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The Film Experience™ was created by Nathaniel R


 Gemini, Cinephile, Actressexual. Also loves cats. All material herein is written and copyrighted by him, unless otherwise noted. twitter | facebook | pinterest | tumblr | letterboxd

 

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Love Affair (1994) - as "A Year With Kate" nears its conclusion

A YEAR WITH KATE... 2 episodes left

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Entries in Chicago (20)

Monday
Jul292013

Stage Door: "The Pride" and "The Explorers Club"

In 'Stage Door' we share our live theater adventures... 

Hugh Dancy & Ben Whishaw in "The Pride" back in 2011

If you noticed the blog was far from fruitful this past week in the posting it's because I was in Chicago visiting Nick and Tim. Nick and I took in the play "The Pride" on its closing weekend in the Windy City. His partner had worked on it as dramaturg and Nick thought I'd like it. He was right...

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Thursday
Jul252013

Shot in Chicago: Movies that capture the spirit of the city

Tim here, rejoicing over the fact that our good host Nathaniel is in my very own Chicago this weekend – we have a movie night planned tomorrow! – and to celebrate, I wanted to showcase some of my city’s best and most dubious moments in the cinematic spotlight. Therefore:

Three Chicago-based movies that truly "get" the city
(no documentaries; that would be cheating, no matter how much Hoop Dreams and The Interrupters are 100% essential Chicago movies)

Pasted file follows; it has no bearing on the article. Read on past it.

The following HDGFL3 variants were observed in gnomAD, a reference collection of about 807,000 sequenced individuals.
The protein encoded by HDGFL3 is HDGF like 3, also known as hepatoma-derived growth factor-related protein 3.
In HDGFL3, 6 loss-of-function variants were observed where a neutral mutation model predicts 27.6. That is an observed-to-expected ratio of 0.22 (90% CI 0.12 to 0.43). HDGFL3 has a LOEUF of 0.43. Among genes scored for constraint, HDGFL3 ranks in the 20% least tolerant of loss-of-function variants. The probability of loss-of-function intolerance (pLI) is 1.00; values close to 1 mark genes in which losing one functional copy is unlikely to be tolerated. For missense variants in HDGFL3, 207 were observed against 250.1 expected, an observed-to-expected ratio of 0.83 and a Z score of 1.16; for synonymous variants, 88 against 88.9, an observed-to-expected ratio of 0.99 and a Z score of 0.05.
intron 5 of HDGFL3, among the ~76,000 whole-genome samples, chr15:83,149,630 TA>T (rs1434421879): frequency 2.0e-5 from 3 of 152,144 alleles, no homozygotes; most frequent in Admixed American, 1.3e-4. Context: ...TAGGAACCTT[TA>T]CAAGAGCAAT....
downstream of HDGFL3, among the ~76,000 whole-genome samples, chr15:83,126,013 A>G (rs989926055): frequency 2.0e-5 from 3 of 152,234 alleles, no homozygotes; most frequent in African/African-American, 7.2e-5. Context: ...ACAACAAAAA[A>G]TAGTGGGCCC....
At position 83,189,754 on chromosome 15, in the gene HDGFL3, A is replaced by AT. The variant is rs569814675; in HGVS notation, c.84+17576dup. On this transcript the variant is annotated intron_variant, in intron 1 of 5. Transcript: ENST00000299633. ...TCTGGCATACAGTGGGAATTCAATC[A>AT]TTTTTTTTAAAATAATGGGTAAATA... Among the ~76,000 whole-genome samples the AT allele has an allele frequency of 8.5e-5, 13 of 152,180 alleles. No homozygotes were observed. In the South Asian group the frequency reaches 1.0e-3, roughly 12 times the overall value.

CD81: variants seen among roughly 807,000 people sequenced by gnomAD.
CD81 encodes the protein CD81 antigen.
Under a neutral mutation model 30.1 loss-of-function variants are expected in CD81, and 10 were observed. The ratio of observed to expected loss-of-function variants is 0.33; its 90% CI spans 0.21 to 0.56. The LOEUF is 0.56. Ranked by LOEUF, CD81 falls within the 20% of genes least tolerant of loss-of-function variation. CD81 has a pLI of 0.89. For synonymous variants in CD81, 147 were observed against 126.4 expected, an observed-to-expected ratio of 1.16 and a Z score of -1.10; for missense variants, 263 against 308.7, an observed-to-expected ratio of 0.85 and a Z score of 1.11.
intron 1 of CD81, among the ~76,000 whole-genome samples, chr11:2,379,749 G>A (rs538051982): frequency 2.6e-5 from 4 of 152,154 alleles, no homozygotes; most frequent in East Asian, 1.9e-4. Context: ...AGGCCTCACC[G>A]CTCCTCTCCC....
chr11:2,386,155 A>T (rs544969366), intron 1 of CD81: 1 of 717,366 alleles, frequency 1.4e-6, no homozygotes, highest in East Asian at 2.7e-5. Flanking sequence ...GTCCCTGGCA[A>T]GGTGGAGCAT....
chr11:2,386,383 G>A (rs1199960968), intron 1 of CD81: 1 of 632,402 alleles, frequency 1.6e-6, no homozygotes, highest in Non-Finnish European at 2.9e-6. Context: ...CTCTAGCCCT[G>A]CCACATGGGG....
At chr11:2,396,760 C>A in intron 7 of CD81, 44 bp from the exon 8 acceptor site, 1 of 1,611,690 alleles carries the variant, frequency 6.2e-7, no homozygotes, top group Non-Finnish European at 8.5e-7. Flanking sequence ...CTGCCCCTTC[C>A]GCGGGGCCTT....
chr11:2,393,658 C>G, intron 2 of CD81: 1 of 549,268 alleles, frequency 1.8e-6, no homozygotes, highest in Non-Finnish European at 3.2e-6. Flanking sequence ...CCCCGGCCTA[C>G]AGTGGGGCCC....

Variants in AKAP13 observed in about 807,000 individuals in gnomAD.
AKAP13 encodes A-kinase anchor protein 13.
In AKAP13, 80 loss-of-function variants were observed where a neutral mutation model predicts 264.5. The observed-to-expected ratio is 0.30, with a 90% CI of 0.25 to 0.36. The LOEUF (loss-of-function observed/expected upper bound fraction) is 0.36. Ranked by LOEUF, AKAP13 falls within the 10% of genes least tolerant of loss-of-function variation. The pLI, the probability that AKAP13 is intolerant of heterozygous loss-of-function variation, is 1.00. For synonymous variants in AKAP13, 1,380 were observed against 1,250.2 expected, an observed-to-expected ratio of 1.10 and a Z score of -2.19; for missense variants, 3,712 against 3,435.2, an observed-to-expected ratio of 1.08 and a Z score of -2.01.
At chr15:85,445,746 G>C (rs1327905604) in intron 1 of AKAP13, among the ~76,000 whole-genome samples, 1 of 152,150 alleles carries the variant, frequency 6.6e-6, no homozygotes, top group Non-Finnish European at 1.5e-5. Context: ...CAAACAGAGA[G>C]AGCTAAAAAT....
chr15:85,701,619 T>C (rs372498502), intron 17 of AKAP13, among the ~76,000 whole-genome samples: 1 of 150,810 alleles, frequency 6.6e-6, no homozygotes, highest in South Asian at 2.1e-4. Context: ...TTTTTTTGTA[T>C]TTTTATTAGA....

Mickey One (1965)
The film that Warren Beatty and director Arthur Penn made right before Bonnie and Clyde is even more besotted with the French New Wave, but stylistic excess doesn’t get in the way of a really special hyper-naturalistic depiction of the city streets as they existed almost half a century ago. I cannot, of course, speak to the veracity of what’s onscreen, but the film’s documentary aspects shine through even under the sordid thriller aspects of the plot and Penn’s fractured filming style. Of all the classic movies filmed in Chicago – and there are a few – none do such a great job of suggesting what the neighborhoods looked like way back when, before building and gentrification made their mark.

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Wednesday
Apr242013

Tilda Swinton is Perfect. Episode #1,043,579

Ebertfest 2013 Dance Along from Ebertfest on Vimeo.

last week at Ebertfest...

[more Tilda]

Sunday
Mar242013

Link Be a Lady Tonight

Film.com Excellent piece on the online coverage of Lynne Ramsay's no-show on Jane Got a Gun. There's just so much default anti-woman rhetoric online. Crazy that this rarely ever improves.
Slant Magazine Our friend Kurt recently visited Las Vegas and its glorious gawdy movie memories came with
AV Club Might HBO let people buy HBO Go without a cable subscription? That's such a good idea. A ton of people I know have dropped cable (too expensive) altogether since they use their computers more than their TVs. I would if I could, too.
Film.com strong list of 50 best opening sequences in movies ever. Love the inclusion of Cabaret, La Dolce Vita, and Manhattan. Bonus points: you don't have to click 50 times or even 5 to see the whole list.

MovieLine the opening credits of Oz: The Great and Powerful. I knew these would show up soon. Best part of the movie, easily showcasing charm, creativity, and wit.
CHUD "Hey girl... NO GIRL, PUT DOWN THE GUN!" Ryan Gosling is quitting acting for awhile
Empire Robert Redford could join the Marvel Universe starting with Captain America 2. (He would'a made such a great Captain America back in the 60s)